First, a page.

In A Midsummer Night's Dream, the supernatural serves both to create conflict in the play and to create resolution.
Conflict is created when Oberon decides to punish his wife Titania for not obeying his will and refusing to relinquish the changeling Indian boy to him. Oberon is immensely jealous of her possession of the boy because the boy is particularly beautiful and Oberon had wanted to raise him to be on of his knights, as we see Puck explain in his lines:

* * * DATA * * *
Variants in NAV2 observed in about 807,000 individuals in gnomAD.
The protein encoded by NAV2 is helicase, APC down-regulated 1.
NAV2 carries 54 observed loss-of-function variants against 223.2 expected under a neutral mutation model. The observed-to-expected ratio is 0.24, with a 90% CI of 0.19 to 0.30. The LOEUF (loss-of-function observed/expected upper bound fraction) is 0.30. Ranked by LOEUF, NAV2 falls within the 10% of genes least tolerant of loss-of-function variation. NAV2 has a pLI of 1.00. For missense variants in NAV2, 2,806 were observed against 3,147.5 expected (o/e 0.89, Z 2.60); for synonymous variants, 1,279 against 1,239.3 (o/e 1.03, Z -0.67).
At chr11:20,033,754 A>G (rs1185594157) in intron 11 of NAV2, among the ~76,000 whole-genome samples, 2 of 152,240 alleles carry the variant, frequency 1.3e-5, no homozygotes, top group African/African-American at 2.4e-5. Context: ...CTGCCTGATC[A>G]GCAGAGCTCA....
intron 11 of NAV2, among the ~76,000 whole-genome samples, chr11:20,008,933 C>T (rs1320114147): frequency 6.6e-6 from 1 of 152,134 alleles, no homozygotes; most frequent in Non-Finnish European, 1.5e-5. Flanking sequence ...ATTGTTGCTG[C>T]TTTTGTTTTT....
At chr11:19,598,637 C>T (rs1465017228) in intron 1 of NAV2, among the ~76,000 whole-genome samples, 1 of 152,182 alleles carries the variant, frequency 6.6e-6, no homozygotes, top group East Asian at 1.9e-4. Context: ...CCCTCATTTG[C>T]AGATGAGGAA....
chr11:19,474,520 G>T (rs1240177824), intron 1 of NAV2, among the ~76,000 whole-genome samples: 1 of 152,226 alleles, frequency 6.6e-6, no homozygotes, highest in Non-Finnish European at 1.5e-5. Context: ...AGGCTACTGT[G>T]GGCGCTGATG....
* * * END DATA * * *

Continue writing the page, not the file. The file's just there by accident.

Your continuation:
She [Titania] never had so sweet a changeling;
And jealous Oberon would have the child
Knight of his train, to trace the forests wild. (II.i.23-25)
Since, Titania refuses to obey her husband, he decides to play a trick on her using a love potion. He is aware that Cupid hit a particular flower with his arrow and that if the juice of the flower is squeezed onto a person's eyelids while he/she is sleeping, when that person awakes, he/she will fall in love with the first seen. Oberon asks Puck to bring him the flower. Oberon's plan is...
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